No pestilence had ever been so fatal, or so hideous. Blood was its Avatar and its seal -- the redness and the horror of blood. There were sharp pains, and sudden dizziness, and then profuse bleeding at the pores, with dissolution. The scarlet stains upon the body and especially upon the face of the victim, were the pest ban which shut him out from the aid and from the sympathy of his fellow-men.
Even though this disease is spreading rampantly, the prince, Prospero, feels happy and hopeful. He decides to lock the gates of his palace in order to fend off the plague, ignoring the illness ravaging the land.
After several months, he throws a fancy masquerade ball. For this celebration, he decorates the rooms of his house in single colors. The easternmost room is decorated in blue, with blue stained-glass windows. The next room is purple with the same stained-glass window pattern.
The rooms continue westward, according to this design, in the following color arrangement: The seventh room is black, with red windows. Also in this room stands an ebony clock. When the clock rings each hour, its sound is so loud and distracting that everyone stops talking and the orchestra stops playing.
When the clock is not sounding, though, the rooms are so beautiful and strange that they seem to be filled with dreams, swirling among the revelers. Most guests, however, avoid the final, black-and-red room because it contains both the clock and an ominous ambience.
At midnight, a new guest appears, dressed more ghoulishly than his counterparts. His mask looks like the face of a corpse, his garments resemble a funeral shroud, and his face reveals spots of blood suggesting that he is a victim of the Red Death.
Prospero becomes angry that someone with so little humor and levity would join his party. The other guests, however, are so afraid of this masked man that they fail to prevent him from walking through each room. Prospero finally catches up to the new guest in the black-and-red room. As soon as he confronts the figure, Prospero dies.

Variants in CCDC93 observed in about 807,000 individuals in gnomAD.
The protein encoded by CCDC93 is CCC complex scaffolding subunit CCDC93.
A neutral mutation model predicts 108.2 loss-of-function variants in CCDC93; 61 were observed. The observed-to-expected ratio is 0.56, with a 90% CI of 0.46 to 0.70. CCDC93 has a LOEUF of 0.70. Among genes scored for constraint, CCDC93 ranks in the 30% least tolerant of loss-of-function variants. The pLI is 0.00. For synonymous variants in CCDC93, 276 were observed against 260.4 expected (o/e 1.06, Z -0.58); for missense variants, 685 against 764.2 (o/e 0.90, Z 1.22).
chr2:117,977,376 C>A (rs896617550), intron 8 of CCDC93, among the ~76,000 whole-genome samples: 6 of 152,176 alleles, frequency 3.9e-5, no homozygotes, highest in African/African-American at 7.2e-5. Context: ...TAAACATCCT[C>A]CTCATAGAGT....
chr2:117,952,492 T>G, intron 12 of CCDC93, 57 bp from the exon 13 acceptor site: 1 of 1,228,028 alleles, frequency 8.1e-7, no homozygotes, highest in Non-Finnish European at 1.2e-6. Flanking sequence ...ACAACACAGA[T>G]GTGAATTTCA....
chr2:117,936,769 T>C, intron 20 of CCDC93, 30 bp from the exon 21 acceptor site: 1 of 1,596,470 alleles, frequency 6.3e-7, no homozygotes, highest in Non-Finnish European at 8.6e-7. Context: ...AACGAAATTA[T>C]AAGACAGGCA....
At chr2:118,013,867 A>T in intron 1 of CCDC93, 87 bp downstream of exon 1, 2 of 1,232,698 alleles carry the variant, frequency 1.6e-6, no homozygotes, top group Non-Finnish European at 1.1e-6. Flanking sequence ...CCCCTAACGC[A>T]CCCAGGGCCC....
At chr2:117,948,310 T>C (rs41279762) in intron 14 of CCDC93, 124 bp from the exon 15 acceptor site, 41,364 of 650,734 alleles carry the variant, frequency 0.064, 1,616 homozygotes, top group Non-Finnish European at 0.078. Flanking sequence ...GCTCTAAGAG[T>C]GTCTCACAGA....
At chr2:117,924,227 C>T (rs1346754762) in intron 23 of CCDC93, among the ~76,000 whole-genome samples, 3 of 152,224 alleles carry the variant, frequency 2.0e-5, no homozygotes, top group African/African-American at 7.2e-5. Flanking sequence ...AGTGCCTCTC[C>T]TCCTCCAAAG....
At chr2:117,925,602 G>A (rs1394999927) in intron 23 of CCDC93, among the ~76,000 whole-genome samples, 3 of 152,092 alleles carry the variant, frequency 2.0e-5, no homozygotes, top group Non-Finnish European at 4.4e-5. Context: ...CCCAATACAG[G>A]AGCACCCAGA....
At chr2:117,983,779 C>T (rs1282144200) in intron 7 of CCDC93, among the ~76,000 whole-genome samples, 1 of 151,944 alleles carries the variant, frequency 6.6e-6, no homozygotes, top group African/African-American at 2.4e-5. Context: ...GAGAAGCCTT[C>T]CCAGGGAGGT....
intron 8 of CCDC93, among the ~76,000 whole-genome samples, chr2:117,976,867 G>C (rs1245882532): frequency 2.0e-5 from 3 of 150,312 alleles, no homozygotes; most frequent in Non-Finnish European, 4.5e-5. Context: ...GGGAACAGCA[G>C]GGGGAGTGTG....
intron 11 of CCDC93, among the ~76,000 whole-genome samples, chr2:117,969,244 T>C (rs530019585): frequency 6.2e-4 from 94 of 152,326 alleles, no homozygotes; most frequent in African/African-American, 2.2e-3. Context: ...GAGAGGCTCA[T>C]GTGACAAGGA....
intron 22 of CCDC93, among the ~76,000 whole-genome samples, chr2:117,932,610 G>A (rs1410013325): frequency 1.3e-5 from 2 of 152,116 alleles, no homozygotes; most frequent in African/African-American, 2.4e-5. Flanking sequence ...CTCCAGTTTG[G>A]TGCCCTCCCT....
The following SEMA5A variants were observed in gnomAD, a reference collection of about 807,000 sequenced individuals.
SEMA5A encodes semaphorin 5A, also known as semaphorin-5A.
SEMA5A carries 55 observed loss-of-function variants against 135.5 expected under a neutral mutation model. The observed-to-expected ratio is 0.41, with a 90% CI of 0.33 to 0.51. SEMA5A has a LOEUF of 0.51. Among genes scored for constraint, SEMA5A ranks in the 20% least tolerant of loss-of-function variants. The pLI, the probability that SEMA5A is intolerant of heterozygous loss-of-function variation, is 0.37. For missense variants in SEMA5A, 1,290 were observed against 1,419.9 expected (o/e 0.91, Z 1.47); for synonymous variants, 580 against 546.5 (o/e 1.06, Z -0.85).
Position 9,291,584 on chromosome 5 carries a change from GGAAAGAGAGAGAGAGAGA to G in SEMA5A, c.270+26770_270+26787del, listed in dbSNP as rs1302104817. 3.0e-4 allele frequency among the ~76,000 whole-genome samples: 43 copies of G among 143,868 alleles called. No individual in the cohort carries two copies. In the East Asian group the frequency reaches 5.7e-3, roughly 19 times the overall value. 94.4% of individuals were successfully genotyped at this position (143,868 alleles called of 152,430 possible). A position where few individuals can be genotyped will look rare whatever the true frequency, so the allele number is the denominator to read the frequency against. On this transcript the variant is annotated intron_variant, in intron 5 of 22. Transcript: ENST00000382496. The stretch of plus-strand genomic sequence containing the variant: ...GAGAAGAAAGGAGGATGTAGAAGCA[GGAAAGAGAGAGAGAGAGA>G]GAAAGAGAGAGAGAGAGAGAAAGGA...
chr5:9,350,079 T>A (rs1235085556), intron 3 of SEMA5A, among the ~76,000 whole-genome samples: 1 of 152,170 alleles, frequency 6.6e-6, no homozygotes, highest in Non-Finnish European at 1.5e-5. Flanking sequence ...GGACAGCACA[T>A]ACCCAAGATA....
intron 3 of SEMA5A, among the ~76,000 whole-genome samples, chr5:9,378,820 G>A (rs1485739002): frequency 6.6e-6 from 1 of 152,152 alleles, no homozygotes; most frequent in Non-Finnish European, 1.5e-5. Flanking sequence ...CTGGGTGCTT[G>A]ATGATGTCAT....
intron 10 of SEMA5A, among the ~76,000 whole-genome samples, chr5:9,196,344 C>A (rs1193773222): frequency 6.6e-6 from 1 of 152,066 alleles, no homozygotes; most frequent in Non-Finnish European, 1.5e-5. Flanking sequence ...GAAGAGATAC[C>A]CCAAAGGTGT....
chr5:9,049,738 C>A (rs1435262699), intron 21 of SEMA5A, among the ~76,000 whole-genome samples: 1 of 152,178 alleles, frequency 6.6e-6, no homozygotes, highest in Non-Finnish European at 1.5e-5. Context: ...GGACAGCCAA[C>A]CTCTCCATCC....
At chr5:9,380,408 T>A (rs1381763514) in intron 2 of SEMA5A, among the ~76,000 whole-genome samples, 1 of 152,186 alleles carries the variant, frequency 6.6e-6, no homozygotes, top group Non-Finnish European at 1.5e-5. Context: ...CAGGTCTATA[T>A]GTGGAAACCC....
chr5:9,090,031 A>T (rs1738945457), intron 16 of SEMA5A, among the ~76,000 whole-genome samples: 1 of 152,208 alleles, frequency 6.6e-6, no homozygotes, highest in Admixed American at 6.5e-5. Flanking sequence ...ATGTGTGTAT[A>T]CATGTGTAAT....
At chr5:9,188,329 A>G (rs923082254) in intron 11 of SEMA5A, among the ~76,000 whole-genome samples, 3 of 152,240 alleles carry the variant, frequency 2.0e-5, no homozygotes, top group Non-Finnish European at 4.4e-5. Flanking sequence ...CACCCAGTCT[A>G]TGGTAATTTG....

When other party-goers enter the room to attack the cloaked man, they find that there is nobody beneath the costume. Everyone then dies, for the Red Death has infiltrated the castle. It features a set of recognizable symbols whose meanings combine to convey a message.
An allegory always operates on two levels of meaning: We can read this story as an allegory about life and death and the powerlessness of humans to evade the grip of death.
The Red Death thus represents, both literally and allegorically, death. No matter how beautiful the castle, how luxuriant the clothing, or how rich the food, no mortal, not even a prince, can escape death.
Although he possesses the wealth to assist those in need, he turns his wealth into a mode of self-defense and decadent self-indulgence. His decadence in throwing the masquerade ball, however, unwittingly positions him as a caged animal, with no possible escape.In the short story "The Masque of the Red Death," death plays a lead symbolic character.
But it is the color palette that Poe paints the rooms for the party that is . This is the official guide for Dark Tales: Edgar Allan Poe’s The Masque of the Red Death.
Access the journal (A) to review your notes and to use the map. Activate the camera (B) whenever you enter a new location; that location will then be added to the map. The Masque of the Red Death. THE "Red Death" had long devastated the country.
No pestilence had ever been so fatal, or so hideous. Blood was its Avatar and its seal -- the redness and the horror of blood.
"The Masque of the Red Death", originally published as "The Mask of the Red Death: A Fantasy", is an short story by American writer Edgar Allan Poe. The story follows Prince Prospero's attempts to avoid a dangerous plague, known as the Red Death, by hiding in his abbey.
THE MASQUE OF THE RED DEATH BY EDGAR ALLAN POE 7^WYS`f7Taa]e. COPYRIGHT INFORMATION Short Story: “The Masque of the Red Death” Author: Edgar Allan Poe, –49 First published: The original short story is in the public domain in the United States and in most, if not all, other countries as well.
Allegory in Edgar Allan Poe’s “The Masque of the Red Death” In the realm of literature, there are many rhetorical devices that shape the way a reader interprets a story.